Far from the Madding Crowd By Thomas Hardy Summary and Analysis Chapter 22

Summary

"Gabriel lately, for the first time since his prostration by misfortune, had been independent in thought and vigorous in action to a marked extent. . . . But this incurable loitering beside Bathsheba Everdene stole his time ruinously."

On this first of June, Gabriel enjoyed the blossoming countryside and, in the ecclesiastical atmosphere suggested by the architecture of the huge and ancient barn, he participated in the ritual and pageantry of the centuries-old rite of sheep-shearing. Each man played his greater or lesser role in the service. In the background, women gathered the shorn fleeces. Bathsheba made sure that the men would shear closely yet give no wounds. Carelessness was reprimanded.

While Bathsheba watched, chattering constantly, Gabriel sheared a sheep in a surprisingly short time — twenty-three and one-half minutes. Cainy brought the tar pot. The initials B. E. were stamped on the newly shorn skin, and the panting animal leaped away, joining "the shirtless flock outside."

Unexpectedly, Boldwood appeared and talked to Bathsheba as Gabriel continued shearing. The girl left, reappearing in her new riding habit. Distracted, Gabriel cut a sheep. Bathsheba reproved him. Superficially unmoved, Gabriel medicated the wound. The other two went off to view Boldwood's Leicesters.

"That means matrimony," predicted one woman, beginning the gossip. Henery, still resentful that he had not been appointed bailiff, was most talkative. Gabriel brooded. All the others looked forward to the feasting which would crown the ritual of the shearing.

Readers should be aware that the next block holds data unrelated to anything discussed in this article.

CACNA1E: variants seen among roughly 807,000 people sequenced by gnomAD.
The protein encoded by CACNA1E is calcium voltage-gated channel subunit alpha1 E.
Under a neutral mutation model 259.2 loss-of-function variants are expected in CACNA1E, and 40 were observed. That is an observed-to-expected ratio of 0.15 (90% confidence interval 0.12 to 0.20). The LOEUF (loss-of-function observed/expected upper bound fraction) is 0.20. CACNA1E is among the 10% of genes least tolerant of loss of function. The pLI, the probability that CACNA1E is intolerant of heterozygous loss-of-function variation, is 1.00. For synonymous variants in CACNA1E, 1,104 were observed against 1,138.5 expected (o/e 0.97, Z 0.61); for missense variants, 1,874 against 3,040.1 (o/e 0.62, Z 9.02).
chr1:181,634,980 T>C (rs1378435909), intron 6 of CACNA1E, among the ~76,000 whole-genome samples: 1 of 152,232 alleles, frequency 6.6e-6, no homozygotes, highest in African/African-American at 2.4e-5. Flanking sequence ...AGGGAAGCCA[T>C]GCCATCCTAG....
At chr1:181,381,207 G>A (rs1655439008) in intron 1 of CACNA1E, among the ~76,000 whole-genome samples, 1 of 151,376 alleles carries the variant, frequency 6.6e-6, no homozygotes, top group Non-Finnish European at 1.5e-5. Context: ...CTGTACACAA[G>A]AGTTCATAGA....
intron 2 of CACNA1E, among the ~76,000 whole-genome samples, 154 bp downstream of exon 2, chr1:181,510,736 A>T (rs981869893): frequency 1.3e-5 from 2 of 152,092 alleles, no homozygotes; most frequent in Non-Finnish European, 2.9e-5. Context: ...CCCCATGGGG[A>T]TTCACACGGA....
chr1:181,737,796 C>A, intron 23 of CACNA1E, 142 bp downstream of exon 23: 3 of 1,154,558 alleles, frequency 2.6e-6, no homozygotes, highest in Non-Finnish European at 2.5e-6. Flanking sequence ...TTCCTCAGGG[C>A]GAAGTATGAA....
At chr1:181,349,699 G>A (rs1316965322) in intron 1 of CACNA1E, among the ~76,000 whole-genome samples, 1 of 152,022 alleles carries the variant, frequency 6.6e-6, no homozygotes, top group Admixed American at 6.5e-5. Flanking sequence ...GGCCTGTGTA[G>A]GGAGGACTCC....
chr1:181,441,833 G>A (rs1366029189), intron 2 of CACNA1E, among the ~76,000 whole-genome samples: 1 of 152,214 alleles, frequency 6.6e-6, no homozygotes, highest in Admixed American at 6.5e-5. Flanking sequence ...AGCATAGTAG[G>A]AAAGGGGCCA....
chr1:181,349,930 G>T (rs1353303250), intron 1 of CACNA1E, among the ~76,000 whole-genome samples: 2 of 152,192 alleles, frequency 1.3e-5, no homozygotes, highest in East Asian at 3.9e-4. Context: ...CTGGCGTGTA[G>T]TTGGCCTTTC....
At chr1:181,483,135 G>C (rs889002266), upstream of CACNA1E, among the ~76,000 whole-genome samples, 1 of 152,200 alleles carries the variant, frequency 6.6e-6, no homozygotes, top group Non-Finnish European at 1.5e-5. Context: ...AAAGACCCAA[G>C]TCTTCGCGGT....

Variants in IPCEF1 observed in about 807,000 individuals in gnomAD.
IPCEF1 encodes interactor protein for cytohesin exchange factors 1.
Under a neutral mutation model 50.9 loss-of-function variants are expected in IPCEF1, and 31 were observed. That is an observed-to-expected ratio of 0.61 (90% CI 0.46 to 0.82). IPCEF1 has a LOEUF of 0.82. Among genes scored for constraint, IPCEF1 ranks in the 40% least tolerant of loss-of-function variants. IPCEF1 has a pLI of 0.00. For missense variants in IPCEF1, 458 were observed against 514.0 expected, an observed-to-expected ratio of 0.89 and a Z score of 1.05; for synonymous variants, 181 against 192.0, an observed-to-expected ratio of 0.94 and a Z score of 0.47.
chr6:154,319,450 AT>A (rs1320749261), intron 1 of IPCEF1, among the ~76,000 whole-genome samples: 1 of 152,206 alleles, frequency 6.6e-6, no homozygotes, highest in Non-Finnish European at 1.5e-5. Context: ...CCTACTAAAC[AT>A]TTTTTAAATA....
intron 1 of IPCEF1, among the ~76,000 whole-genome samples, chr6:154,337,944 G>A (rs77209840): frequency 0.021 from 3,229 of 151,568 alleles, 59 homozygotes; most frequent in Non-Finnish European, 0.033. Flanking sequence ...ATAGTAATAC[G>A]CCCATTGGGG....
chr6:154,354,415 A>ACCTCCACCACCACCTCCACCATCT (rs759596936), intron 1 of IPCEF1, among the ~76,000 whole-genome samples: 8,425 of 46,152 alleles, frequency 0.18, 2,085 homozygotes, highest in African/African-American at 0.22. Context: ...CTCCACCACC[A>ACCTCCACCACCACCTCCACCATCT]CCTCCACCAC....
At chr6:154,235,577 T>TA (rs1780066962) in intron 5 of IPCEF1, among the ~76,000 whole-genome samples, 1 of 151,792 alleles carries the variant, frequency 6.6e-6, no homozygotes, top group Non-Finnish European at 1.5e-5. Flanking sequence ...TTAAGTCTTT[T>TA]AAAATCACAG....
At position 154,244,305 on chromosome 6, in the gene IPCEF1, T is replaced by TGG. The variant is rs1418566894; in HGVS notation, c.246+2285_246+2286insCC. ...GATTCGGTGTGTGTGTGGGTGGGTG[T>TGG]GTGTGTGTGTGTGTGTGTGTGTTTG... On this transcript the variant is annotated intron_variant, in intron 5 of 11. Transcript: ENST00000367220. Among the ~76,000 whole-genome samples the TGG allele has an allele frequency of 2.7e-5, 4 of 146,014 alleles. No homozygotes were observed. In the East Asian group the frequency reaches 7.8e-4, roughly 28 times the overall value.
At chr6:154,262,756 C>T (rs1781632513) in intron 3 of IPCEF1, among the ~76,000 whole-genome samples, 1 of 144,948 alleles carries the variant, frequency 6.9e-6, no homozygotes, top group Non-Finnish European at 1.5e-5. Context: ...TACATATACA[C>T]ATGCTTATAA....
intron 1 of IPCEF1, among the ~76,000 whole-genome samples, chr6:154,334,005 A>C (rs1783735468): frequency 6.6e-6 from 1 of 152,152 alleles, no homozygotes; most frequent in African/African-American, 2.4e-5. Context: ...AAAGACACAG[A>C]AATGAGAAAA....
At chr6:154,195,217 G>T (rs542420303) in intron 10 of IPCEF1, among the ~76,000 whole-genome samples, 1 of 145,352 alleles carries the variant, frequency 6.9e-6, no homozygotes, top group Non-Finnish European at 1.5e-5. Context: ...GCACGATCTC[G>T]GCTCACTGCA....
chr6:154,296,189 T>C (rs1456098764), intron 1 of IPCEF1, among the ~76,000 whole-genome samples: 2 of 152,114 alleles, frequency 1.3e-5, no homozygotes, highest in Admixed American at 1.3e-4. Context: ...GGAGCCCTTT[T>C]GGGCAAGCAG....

Analysis

Still another fine description of Wessex life is drawn here. The animation and motion are absorbing as we follow the careful work of the shearers.

Gabriel's tension rises when Boldwood appears. "Gabriel at this time of his life had outgrown the instinctive dislike which every Christian boy has for reading the Bible, perusing it now quite frequently, and he inwardly said, 'I find more bitter than death the woman whose heart is snares and nets!' This was mere exclamation — the froth of the storm. He adored Bathsheba just the same." Note that this quotation follows the indirect reference in the preceding chapter to a man's using distraction by a woman as an alibi for not making progress in his profession.

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